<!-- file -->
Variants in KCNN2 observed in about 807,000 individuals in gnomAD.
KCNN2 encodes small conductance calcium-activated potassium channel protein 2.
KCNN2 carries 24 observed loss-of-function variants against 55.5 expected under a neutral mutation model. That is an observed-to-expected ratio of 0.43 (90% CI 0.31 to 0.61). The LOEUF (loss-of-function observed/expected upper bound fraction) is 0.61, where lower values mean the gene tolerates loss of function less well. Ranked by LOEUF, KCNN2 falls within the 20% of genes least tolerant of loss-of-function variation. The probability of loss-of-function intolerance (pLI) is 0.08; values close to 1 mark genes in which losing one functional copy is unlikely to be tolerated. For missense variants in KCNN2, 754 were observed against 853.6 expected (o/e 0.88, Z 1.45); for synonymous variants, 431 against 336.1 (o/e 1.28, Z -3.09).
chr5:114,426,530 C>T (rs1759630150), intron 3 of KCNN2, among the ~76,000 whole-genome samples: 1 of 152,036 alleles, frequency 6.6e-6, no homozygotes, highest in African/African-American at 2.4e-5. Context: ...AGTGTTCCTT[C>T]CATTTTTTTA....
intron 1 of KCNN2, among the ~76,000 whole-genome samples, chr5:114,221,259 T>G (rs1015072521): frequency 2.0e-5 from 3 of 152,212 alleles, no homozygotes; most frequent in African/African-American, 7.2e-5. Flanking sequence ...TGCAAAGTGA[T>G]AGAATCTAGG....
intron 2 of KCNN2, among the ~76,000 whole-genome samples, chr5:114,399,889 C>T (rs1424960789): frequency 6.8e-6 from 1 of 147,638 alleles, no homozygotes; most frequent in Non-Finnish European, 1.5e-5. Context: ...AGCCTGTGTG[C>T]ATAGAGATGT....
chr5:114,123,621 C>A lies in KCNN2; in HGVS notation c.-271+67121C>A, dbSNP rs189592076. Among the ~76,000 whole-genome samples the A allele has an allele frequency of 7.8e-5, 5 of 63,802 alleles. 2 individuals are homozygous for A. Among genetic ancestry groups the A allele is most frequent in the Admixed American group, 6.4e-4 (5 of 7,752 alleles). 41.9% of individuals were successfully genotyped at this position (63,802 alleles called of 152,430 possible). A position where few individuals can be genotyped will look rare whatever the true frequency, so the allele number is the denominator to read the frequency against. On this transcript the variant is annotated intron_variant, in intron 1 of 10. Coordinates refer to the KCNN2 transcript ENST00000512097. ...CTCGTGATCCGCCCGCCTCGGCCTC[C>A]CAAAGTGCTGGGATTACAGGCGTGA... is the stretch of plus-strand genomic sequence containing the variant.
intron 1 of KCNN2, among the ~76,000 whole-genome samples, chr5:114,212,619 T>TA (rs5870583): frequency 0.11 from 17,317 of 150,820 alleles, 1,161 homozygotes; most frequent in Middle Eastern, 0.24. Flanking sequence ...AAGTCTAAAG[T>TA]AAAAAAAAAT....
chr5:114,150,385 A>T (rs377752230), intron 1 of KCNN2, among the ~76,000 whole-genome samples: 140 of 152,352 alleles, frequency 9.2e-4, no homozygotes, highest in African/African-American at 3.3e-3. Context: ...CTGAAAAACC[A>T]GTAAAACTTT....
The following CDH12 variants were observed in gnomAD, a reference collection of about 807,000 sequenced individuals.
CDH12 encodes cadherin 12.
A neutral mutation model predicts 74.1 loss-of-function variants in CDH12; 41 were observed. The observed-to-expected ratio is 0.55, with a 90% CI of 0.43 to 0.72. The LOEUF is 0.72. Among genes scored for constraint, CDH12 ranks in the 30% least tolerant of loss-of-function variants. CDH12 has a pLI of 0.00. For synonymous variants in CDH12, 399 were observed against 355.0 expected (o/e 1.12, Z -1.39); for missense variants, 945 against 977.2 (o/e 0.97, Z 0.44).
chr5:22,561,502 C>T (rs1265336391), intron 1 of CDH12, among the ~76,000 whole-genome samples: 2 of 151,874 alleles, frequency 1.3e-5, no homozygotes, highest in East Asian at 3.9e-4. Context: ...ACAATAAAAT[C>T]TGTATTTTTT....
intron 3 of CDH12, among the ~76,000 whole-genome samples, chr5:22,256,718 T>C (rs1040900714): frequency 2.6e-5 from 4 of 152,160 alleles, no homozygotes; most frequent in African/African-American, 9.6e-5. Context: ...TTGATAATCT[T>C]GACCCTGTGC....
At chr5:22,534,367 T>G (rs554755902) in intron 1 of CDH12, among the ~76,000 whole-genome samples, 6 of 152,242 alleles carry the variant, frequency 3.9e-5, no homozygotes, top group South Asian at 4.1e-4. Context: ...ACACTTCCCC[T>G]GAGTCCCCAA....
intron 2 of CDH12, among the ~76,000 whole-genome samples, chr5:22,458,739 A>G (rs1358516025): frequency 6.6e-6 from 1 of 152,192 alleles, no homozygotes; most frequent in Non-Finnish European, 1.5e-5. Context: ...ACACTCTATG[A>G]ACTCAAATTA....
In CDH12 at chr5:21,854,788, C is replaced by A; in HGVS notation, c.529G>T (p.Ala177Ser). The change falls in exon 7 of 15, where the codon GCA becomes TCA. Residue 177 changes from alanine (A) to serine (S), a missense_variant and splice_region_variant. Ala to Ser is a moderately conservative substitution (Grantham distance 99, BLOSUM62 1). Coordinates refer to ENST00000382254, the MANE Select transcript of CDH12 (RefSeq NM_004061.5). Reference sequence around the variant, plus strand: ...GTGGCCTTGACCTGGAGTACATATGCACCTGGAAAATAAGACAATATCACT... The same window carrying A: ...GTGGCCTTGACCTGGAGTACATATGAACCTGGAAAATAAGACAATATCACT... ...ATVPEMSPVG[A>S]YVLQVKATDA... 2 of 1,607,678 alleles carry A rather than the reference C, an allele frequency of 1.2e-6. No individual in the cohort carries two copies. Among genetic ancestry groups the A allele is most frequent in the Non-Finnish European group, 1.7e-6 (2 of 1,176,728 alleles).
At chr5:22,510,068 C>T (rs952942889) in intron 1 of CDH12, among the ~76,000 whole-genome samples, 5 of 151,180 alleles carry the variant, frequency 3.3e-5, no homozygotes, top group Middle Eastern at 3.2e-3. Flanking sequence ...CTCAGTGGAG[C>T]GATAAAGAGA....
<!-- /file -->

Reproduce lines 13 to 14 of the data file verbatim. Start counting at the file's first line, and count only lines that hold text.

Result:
chr5:22,561,502 C>T (rs1265336391), intron 1 of CDH12, among the ~76,000 whole-genome samples: 2 of 151,874 alleles, frequency 1.3e-5, no homozygotes, highest in East Asian at 3.9e-4. Context: ...ACAATAAAAT[C>T]TGTATTTTTT....
intron 3 of CDH12, among the ~76,000 whole-genome samples, chr5:22,256,718 T>C (rs1040900714): frequency 2.6e-5 from 4 of 152,160 alleles, no homozygotes; most frequent in African/African-American, 9.6e-5. Context: ...TTGATAATCT[T>C]GACCCTGTGC....